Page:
Top Republicans Line Up To Support Right-Wing Sen. Ron Johnson's Leadership Bid

October 03, 2011 2:19 pm ET — Jamison Foser

Sen. Ron Johnson

Less than a year into his first term, Sen. Ron Johnson (R-WI) is running for Vice Chair of the Republican Conference, the fifth-highest leadership position among Senate Republicans. Gannett reports that Johnson doesn't yet have an opponent, and has already lined up support from senior colleagues:

So far, Johnson is the only declared candidate for the leadership post, which is opening as a result of a domino effect. [...]

Johnson has received endorsements from veterans [South Carolina's Jim] DeMint, Mike Enzi of Wyoming and Tom Coburn of Oklahoma, as well as fellow tea party-type freshmen Marco Rubio of Florida and Mike Lee of Utah.

Sens. Kelly Ayotte (R-NH) and Lindsey Graham (R-SC) have also announced their support for Johnson. Graham explained: "He's a sincere, hardworking member of the Senate who represents the spirit of the 2010 elections."

It's true that Sen. Johnson represents the Republican Zeitgeist, though probably not in the way Graham meant.

Johnson spent $9 million of his own money getting elected to the Senate last year — but got his money back, and then some, when his plastics company paid him $10 million in deferred compensation shortly before he was sworn in:

Unlike most deferred package deals, however, it appears that the company had not set aside a specified amount annually that would be paid out when he left the firm. Instead, Johnson said the $10 million payment was "an agreed-upon amount" that was determined at the end of his tenure with the company.

Agreed upon with whom?

"That would be me," he said.

So, after Ron Johnson spent $9 million of his own money getting elected to the Senate, Ron Johnson and Ron Johnson worked out an agreement that Ron Johnson's plastics company would write Ron Johnson a check for $10 million. That's convenient. Asked to explain why the deferred compensation payment so closely resembled the amount he had spent on his campaign, Johnson refused, saying, "It's a private business. I've complied with all the disclosure laws, and I don't have to explain it any further to someone like you."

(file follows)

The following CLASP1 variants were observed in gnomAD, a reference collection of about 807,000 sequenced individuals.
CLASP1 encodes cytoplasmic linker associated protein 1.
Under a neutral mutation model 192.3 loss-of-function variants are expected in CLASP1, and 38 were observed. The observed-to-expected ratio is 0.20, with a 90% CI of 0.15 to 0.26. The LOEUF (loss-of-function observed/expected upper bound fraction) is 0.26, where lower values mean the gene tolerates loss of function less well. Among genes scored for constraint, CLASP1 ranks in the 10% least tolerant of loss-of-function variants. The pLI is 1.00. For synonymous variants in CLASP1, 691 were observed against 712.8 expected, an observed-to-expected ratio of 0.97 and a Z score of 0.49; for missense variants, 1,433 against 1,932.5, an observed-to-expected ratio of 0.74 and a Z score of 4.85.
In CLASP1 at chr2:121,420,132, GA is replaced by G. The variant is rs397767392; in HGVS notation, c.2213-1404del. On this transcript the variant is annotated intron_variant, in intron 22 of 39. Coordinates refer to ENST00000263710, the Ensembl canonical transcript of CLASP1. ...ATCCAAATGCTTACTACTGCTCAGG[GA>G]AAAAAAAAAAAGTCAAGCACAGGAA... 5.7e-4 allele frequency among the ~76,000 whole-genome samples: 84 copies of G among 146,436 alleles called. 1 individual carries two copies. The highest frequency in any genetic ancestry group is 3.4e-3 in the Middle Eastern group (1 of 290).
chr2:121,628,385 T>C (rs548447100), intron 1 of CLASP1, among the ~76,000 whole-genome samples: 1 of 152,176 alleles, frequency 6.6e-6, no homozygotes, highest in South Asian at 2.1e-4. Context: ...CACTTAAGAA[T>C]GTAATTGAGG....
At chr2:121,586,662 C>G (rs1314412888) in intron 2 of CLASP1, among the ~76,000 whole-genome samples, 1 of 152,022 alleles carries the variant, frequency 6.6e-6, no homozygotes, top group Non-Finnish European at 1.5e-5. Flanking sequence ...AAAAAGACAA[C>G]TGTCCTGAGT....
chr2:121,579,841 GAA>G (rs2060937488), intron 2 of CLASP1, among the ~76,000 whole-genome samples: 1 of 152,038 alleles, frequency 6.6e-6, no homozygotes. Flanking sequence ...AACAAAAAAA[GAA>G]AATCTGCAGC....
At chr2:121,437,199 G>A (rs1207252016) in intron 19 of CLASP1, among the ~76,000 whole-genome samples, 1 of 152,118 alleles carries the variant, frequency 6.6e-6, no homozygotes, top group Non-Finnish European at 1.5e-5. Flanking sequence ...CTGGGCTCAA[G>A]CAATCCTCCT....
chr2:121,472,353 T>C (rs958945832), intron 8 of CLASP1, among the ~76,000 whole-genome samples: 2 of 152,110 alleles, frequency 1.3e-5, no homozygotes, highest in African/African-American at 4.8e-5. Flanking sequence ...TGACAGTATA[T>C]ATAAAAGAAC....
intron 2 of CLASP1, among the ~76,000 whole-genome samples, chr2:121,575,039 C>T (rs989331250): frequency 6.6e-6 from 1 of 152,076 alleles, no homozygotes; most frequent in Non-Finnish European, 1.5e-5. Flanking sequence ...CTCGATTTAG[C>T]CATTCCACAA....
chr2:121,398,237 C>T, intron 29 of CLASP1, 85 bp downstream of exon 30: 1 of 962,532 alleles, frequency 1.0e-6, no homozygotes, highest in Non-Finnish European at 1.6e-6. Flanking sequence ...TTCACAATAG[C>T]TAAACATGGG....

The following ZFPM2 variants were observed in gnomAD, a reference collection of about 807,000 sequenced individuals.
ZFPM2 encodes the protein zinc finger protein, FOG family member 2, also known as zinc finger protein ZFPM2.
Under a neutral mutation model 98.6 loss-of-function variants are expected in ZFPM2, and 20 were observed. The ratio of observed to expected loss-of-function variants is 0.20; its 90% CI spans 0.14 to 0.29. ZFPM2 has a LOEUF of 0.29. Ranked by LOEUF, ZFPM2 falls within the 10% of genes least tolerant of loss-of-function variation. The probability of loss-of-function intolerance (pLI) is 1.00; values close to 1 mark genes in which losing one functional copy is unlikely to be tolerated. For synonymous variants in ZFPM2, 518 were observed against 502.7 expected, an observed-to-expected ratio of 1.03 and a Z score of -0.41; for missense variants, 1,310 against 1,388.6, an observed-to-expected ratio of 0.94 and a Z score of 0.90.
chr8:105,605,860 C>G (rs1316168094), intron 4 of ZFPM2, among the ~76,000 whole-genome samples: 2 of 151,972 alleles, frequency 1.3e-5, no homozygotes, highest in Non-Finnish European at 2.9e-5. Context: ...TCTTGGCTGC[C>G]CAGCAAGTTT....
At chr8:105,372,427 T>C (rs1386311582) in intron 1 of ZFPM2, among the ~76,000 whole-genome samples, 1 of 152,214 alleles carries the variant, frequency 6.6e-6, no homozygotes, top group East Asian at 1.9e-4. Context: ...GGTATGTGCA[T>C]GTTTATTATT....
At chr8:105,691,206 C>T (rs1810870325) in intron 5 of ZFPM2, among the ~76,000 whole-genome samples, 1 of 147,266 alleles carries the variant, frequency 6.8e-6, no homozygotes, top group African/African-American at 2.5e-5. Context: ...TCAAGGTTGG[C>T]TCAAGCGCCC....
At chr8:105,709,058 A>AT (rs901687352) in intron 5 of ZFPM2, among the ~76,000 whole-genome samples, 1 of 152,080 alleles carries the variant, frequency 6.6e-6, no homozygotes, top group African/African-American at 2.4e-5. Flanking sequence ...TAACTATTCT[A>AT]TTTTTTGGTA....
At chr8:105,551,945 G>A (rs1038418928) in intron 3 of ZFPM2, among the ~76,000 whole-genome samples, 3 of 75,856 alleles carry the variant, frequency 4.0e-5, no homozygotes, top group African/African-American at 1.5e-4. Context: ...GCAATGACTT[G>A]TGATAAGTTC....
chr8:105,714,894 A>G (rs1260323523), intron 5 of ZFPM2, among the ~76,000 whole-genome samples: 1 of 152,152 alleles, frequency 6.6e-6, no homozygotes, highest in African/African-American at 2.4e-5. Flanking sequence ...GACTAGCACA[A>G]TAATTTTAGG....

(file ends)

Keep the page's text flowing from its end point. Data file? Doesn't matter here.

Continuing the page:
After running for Senate as an outsider "railing against lobbyists and the corrupting influence of Washington D.C.," Johnson chose a lobbyist to be his chief of staff because, he said, "I obviously need to hire people that understand this town."

Washington isn't the only thing Johnson needs help understanding. During his Senate campaign, he tried to explain away global warming by saying, "There's a reason Greenland was called Greenland. ... It was actually green at one point in time." That's a nice story except for the fact that Greenland's ice cap is hundreds of thousands of years old.

Last summer, Johnson accused Democrats of "trying to blackmail" Republicans into raising the debt ceiling and insisted that default "doesn't have to be a crisis." Then, when Standard & Poor's downgraded America's credit rating following the near-default and explained that the GOP's unwillingness to compromise was a key part of their decision, Johnson blamed Democrats for the downgrade.

He votes to give huge oil companies billions of dollars in tax breaks each year — and tells poor kids to tighten their belts. And when Johnson reads clear statements from "job creators" that they aren't hiring because of insufficient demand for their goods and services, he nonsensically concludes that what's needed is a regulatory moratorium rather than demand-increasing economic stimulus.

No wonder Republicans are lining up to support Johnson's leadership bid.